Government to sell remaining stake in Woori

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Government to sell remaining stake in Woori

The government is set to unload its remaining shares in Woori Financial Holdings and hopes to have all the stock sold by 2022.

According to the Financial Services Commission (FSC) Tuesday, the 18.32 percent held by the Korea Deposit Insurance Corporation (KDIC) will be made available in two or three tranches starting in 2020.

The largest tranche could be equal to as much as 10 percent of the company’s equity.

“If there is no dramatic change in the situation, [the FSC] will push for the sale at regular intervals,” the regulator said in a statement.

“[The FSC] will adjust the amount of shares to be sold each time in the range of up to 10 percent, considering market demand,” it said.

The first round will be held in the first half of 2020, according to the statement.

To attract investors, the regulator will consider granting them the right to recommend an outside director at Woori.

The regulator said that the time is ripe for the sale attempt after the government managed to dispose of nearly 30 percent of Woori shares to a group of investors in 2016.

The Public Funds Oversight Committee saw it appropriate to embark on the sale given “Woori’s conversion into a holding company and the merger of subsidiaries into Woori Financial Group,” the FSC said.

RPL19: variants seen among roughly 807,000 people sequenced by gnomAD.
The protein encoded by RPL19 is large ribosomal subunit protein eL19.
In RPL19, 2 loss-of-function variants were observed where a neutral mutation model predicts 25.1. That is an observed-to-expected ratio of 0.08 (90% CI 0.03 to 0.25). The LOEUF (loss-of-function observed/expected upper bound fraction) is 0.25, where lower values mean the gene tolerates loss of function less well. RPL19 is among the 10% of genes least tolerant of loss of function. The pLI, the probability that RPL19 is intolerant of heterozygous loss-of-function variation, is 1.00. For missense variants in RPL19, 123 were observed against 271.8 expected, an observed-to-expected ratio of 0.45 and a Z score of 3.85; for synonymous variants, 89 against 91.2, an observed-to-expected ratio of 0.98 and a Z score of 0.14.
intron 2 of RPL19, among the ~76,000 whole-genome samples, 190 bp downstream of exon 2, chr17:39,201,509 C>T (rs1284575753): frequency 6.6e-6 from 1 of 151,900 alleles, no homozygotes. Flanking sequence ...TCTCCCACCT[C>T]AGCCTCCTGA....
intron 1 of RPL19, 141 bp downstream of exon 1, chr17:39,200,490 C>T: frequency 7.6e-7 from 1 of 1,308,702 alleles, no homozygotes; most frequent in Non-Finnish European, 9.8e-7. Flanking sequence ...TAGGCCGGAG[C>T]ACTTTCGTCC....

The agency said that Woori being partially owned by the government increased risk and uncertainties for the financial group.

Although a source at the FSC said that foreign bidders are allowed to participate in the sale, observers believe that the government will likely prefer domestic investors due mainly to negative public sentiment towards foreign capital.

During the Asian Financial crisis in the late 1990s, the government poured 12.8 trillion won ($11.4 billion) into Woori Financial Holdings, although it has recouped 64.9 percent of it, or around 8.2 trillion won, through sales of subsidiaries and stakes.

The KDIC owned a 51.06 percent stake until 2016.

The sale in 2016 attracted multiple bidders and allowed the government to slash its stake.

The investors included Korea Investment & Securities, Kiwoom Securities, Hanwha Life Insurance, Tongyang Life Insurance and IMM Private Equity.

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